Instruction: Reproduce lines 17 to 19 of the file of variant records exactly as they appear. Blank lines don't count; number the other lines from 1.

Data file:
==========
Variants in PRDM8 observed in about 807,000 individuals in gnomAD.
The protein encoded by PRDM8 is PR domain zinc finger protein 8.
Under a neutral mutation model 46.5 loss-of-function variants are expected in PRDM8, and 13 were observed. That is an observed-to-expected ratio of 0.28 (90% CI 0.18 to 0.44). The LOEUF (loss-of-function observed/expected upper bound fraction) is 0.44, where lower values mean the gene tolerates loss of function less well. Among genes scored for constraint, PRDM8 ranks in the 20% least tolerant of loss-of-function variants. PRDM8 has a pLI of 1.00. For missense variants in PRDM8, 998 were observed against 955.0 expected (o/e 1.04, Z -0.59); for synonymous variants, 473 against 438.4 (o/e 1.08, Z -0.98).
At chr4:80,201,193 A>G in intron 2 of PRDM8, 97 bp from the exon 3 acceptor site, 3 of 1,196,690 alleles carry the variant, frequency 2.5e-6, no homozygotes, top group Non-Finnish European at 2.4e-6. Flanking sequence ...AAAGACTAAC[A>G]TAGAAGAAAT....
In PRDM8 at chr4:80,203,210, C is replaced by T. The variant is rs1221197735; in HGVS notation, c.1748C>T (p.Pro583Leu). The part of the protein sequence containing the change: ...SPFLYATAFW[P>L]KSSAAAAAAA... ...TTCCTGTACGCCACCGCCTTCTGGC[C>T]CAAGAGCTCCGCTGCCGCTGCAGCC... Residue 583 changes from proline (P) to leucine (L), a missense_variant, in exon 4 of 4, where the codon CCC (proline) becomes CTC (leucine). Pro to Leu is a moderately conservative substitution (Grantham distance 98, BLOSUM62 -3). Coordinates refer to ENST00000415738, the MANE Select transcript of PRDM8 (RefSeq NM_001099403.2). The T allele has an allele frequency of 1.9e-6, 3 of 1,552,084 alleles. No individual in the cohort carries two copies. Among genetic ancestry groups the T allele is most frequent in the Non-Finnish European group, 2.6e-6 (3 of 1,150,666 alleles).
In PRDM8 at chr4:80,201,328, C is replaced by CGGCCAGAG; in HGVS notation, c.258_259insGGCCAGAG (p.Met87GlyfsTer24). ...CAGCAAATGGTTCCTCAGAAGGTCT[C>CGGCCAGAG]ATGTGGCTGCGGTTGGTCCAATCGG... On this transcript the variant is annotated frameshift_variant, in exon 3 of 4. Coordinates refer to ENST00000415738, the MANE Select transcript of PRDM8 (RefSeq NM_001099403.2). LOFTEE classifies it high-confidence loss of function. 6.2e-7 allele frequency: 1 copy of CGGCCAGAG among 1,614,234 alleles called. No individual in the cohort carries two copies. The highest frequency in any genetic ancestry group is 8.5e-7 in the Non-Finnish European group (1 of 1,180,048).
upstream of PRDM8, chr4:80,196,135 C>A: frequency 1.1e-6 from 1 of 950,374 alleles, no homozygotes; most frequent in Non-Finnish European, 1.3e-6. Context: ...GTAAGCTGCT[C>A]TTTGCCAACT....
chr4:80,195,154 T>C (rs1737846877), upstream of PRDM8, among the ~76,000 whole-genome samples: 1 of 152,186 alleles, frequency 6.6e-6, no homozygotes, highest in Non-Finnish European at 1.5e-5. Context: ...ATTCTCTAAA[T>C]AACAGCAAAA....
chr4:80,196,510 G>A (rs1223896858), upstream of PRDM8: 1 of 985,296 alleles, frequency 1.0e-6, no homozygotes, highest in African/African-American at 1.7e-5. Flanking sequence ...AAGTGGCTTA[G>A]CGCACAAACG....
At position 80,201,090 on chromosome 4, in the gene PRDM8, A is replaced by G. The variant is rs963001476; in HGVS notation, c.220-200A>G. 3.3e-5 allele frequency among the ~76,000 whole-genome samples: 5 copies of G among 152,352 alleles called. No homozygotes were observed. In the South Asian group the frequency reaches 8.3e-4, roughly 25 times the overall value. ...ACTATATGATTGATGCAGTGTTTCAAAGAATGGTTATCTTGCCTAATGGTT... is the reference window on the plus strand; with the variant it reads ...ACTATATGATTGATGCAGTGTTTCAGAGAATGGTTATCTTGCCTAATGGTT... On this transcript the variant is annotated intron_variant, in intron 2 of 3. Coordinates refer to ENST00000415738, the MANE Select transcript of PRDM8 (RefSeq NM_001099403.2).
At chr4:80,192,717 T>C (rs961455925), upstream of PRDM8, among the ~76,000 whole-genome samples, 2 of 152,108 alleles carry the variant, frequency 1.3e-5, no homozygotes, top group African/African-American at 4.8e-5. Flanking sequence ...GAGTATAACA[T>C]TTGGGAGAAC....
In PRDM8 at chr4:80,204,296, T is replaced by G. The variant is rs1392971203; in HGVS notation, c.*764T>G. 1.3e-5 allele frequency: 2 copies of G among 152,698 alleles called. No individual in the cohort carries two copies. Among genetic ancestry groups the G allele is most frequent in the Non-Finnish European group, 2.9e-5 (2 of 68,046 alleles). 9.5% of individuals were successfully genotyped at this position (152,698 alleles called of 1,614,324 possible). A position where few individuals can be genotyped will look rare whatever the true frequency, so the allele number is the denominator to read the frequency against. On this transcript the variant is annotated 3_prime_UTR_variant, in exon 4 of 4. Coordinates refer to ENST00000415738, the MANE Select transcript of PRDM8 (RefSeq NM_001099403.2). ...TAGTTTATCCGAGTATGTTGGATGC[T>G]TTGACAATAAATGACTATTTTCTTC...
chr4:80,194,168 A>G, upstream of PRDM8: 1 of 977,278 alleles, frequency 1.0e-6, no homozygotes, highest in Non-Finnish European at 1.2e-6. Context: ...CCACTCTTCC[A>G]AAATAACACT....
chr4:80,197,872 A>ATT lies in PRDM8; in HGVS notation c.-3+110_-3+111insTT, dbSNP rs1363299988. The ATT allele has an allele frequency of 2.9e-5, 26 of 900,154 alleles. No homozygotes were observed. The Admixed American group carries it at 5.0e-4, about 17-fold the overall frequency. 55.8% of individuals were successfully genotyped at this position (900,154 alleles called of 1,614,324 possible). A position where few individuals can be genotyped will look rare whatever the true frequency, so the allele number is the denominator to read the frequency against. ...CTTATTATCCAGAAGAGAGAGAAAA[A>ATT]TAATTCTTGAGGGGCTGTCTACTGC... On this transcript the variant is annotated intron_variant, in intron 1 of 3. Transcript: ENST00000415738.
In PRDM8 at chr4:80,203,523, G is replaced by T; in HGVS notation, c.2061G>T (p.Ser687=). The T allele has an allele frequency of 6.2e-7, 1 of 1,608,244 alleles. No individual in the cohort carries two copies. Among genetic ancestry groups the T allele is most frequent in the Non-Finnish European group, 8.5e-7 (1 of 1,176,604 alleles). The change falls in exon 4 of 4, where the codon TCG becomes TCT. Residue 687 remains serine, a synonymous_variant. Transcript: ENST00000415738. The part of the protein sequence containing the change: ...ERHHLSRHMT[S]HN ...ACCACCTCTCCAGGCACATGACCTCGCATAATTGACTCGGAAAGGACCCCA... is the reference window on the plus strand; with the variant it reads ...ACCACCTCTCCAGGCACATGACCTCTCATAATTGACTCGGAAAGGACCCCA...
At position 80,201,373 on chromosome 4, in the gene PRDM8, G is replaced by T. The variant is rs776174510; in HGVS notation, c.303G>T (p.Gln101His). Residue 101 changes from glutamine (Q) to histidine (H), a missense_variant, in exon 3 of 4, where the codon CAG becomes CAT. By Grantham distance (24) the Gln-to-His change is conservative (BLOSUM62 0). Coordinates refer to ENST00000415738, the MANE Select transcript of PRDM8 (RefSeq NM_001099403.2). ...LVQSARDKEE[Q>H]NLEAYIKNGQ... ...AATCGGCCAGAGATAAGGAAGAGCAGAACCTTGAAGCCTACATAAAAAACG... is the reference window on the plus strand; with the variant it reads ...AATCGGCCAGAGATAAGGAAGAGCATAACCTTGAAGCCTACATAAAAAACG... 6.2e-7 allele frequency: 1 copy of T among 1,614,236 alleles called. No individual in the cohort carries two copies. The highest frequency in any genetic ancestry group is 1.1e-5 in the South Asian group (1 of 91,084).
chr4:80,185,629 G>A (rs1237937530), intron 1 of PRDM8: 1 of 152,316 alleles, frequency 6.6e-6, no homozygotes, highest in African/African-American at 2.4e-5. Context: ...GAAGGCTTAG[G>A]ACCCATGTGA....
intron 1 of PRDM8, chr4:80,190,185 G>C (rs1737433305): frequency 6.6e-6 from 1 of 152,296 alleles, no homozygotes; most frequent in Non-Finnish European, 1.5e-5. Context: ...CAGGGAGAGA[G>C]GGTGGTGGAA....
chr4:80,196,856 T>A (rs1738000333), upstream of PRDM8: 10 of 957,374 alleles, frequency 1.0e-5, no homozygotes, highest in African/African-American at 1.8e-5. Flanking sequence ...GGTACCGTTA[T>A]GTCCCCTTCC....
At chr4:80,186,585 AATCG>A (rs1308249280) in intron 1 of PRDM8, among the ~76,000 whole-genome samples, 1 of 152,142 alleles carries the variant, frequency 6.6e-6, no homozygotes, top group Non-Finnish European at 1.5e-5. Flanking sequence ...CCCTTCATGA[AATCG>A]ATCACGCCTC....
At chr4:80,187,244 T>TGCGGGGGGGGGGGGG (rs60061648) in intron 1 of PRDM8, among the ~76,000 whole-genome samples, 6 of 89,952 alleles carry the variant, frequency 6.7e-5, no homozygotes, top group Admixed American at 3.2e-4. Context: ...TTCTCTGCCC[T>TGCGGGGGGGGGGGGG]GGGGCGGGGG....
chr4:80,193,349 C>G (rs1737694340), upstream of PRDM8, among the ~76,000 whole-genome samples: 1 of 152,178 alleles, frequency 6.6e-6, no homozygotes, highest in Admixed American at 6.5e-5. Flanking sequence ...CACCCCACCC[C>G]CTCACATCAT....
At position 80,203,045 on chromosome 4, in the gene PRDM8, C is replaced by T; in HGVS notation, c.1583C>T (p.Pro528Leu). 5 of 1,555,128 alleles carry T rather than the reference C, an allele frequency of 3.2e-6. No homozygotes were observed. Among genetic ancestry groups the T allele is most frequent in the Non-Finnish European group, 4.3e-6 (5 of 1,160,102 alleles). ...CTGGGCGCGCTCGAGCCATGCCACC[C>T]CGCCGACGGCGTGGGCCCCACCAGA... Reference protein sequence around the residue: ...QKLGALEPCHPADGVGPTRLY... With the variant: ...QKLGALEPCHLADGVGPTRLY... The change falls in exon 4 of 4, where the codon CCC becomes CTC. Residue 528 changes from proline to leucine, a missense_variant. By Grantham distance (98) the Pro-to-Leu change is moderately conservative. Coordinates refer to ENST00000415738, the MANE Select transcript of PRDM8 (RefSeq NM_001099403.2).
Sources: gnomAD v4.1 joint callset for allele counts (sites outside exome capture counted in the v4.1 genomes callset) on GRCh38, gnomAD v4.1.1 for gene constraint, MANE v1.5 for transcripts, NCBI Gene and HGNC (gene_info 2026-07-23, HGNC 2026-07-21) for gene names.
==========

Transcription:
chr4:80,185,629 G>A (rs1237937530), intron 1 of PRDM8: 1 of 152,316 alleles, frequency 6.6e-6, no homozygotes, highest in African/African-American at 2.4e-5. Context: ...GAAGGCTTAG[G>A]ACCCATGTGA....
intron 1 of PRDM8, chr4:80,190,185 G>C (rs1737433305): frequency 6.6e-6 from 1 of 152,296 alleles, no homozygotes; most frequent in Non-Finnish European, 1.5e-5. Context: ...CAGGGAGAGA[G>C]GGTGGTGGAA....
chr4:80,196,856 T>A (rs1738000333), upstream of PRDM8: 10 of 957,374 alleles, frequency 1.0e-5, no homozygotes, highest in African/African-American at 1.8e-5. Flanking sequence ...GGTACCGTTA[T>A]GTCCCCTTCC....